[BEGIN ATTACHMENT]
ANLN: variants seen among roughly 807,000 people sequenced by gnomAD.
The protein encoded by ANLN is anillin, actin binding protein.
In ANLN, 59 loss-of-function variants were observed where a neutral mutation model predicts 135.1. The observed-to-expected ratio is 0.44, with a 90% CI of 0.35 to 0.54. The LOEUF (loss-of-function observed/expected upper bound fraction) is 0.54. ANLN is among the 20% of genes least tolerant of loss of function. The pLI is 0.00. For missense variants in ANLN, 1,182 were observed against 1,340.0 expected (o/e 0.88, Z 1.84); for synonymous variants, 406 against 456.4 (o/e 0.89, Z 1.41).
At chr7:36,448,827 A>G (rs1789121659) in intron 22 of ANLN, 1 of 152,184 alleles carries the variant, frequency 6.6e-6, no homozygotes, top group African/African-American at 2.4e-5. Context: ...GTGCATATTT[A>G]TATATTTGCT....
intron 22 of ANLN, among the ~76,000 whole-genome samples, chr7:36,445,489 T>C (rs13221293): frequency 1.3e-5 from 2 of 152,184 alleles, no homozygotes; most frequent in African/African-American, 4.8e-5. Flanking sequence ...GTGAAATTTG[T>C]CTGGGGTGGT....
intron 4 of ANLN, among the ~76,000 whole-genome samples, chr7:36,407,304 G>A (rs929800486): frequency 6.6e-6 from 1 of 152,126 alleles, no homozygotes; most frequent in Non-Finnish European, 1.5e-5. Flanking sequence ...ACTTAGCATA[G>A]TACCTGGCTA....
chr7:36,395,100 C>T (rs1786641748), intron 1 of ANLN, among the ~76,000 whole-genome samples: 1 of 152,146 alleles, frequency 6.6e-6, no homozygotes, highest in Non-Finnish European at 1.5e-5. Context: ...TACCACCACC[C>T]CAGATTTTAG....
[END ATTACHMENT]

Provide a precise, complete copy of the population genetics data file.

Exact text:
ANLN: variants seen among roughly 807,000 people sequenced by gnomAD.
The protein encoded by ANLN is anillin, actin binding protein.
In ANLN, 59 loss-of-function variants were observed where a neutral mutation model predicts 135.1. The observed-to-expected ratio is 0.44, with a 90% CI of 0.35 to 0.54. The LOEUF (loss-of-function observed/expected upper bound fraction) is 0.54. ANLN is among the 20% of genes least tolerant of loss of function. The pLI is 0.00. For missense variants in ANLN, 1,182 were observed against 1,340.0 expected (o/e 0.88, Z 1.84); for synonymous variants, 406 against 456.4 (o/e 0.89, Z 1.41).
At chr7:36,448,827 A>G (rs1789121659) in intron 22 of ANLN, 1 of 152,184 alleles carries the variant, frequency 6.6e-6, no homozygotes, top group African/African-American at 2.4e-5. Context: ...GTGCATATTT[A>G]TATATTTGCT....
intron 22 of ANLN, among the ~76,000 whole-genome samples, chr7:36,445,489 T>C (rs13221293): frequency 1.3e-5 from 2 of 152,184 alleles, no homozygotes; most frequent in African/African-American, 4.8e-5. Flanking sequence ...GTGAAATTTG[T>C]CTGGGGTGGT....
intron 4 of ANLN, among the ~76,000 whole-genome samples, chr7:36,407,304 G>A (rs929800486): frequency 6.6e-6 from 1 of 152,126 alleles, no homozygotes; most frequent in Non-Finnish European, 1.5e-5. Flanking sequence ...ACTTAGCATA[G>A]TACCTGGCTA....
chr7:36,395,100 C>T (rs1786641748), intron 1 of ANLN, among the ~76,000 whole-genome samples: 1 of 152,146 alleles, frequency 6.6e-6, no homozygotes, highest in Non-Finnish European at 1.5e-5. Context: ...TACCACCACC[C>T]CAGATTTTAG....